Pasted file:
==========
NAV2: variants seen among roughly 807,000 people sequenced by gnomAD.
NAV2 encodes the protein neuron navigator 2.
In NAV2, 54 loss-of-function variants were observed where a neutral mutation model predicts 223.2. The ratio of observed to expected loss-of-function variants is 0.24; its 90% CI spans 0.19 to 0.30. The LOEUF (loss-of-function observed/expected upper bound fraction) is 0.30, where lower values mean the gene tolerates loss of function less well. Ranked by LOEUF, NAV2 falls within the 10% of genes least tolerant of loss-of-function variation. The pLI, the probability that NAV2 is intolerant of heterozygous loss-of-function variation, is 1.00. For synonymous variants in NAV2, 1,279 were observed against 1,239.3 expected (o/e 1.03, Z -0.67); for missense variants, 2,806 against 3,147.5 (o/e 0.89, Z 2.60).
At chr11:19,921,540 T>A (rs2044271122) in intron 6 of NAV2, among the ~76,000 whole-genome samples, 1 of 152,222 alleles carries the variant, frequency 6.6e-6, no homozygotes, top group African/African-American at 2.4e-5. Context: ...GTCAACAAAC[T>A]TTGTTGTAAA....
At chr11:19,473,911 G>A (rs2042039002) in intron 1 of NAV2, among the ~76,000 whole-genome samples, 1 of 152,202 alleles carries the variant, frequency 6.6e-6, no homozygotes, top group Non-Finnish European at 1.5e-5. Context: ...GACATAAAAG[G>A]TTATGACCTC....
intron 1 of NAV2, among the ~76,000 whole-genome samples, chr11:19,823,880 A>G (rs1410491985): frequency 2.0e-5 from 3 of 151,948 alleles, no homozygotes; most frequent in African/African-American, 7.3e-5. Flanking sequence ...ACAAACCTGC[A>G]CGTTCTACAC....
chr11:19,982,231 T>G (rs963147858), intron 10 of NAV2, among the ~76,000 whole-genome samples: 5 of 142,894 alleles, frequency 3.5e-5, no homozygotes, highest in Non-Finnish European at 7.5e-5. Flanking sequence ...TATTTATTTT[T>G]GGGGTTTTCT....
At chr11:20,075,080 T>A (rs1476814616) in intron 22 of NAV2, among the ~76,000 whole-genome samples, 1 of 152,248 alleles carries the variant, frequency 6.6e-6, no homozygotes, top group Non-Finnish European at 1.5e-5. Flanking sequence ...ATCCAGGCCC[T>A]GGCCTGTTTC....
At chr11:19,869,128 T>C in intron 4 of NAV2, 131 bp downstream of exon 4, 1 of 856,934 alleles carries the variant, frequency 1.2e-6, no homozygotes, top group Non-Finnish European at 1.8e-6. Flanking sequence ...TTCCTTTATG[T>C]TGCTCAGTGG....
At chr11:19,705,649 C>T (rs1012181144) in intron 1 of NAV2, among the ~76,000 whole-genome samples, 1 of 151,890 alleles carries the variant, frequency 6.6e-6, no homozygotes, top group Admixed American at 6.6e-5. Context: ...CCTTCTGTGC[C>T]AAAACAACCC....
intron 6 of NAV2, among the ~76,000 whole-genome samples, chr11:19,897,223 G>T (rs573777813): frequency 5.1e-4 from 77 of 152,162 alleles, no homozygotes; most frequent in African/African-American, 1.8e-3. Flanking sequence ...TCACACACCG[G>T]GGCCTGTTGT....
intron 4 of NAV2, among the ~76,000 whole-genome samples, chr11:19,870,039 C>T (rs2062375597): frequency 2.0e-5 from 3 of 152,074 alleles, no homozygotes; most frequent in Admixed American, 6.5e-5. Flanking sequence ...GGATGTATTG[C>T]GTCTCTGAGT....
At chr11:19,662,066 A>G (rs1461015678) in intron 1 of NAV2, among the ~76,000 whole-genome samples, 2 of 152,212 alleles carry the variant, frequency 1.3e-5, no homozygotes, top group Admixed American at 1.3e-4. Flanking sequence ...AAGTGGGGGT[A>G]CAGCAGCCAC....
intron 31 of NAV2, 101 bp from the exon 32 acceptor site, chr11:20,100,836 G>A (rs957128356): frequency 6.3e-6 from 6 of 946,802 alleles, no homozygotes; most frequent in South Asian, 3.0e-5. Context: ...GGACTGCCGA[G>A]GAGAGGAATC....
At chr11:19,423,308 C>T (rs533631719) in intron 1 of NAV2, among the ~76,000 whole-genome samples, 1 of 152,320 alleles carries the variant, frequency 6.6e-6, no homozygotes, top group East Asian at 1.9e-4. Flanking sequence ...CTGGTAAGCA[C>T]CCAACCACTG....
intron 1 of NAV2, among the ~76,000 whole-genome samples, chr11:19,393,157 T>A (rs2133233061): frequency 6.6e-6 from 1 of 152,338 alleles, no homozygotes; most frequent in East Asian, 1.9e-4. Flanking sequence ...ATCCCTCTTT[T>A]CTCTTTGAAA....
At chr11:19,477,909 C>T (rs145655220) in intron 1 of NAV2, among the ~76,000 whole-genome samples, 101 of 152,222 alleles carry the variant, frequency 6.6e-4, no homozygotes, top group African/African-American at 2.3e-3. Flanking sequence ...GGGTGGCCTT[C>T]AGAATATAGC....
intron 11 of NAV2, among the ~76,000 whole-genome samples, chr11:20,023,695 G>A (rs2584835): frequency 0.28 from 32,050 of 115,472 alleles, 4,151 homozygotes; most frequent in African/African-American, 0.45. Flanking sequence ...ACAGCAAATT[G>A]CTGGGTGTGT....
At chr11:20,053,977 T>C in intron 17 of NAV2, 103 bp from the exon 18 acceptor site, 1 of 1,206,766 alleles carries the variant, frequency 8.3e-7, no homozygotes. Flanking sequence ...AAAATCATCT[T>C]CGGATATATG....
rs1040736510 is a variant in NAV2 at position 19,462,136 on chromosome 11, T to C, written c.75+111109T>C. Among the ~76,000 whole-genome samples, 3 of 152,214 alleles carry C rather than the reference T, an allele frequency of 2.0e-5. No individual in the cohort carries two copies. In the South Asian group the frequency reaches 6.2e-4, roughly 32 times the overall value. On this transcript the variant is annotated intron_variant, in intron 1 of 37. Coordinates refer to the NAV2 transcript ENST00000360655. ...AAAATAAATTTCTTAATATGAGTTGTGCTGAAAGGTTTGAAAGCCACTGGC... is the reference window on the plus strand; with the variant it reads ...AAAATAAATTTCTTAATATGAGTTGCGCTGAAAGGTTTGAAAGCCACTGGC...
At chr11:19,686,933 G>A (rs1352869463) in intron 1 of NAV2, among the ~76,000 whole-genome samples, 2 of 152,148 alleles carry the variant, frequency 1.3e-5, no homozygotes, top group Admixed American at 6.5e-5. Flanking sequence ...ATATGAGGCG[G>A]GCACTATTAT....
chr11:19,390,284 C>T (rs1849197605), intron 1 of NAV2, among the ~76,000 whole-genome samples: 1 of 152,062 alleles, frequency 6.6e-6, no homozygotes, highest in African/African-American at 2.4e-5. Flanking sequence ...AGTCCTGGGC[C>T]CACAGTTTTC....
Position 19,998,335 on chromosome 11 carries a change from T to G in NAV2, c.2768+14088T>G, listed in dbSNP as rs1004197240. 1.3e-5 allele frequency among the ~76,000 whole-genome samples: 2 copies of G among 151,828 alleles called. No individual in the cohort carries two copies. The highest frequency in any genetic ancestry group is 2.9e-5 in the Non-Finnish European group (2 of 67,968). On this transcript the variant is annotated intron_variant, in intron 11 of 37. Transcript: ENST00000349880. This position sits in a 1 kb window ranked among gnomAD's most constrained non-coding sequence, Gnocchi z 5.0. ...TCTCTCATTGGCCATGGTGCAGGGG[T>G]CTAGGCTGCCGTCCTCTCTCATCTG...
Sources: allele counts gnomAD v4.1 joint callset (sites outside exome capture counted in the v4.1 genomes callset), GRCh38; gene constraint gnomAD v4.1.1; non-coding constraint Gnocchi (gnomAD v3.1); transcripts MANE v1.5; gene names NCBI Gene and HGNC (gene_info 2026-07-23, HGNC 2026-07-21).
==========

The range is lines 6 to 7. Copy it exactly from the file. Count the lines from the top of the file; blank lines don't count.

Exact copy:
intron 1 of NAV2, among the ~76,000 whole-genome samples, chr11:19,823,880 A>G (rs1410491985): frequency 2.0e-5 from 3 of 151,948 alleles, no homozygotes; most frequent in African/African-American, 7.3e-5. Flanking sequence ...ACAAACCTGC[A>G]CGTTCTACAC....
chr11:19,982,231 T>G (rs963147858), intron 10 of NAV2, among the ~76,000 whole-genome samples: 5 of 142,894 alleles, frequency 3.5e-5, no homozygotes, highest in Non-Finnish European at 7.5e-5. Flanking sequence ...TATTTATTTT[T>G]GGGGTTTTCT....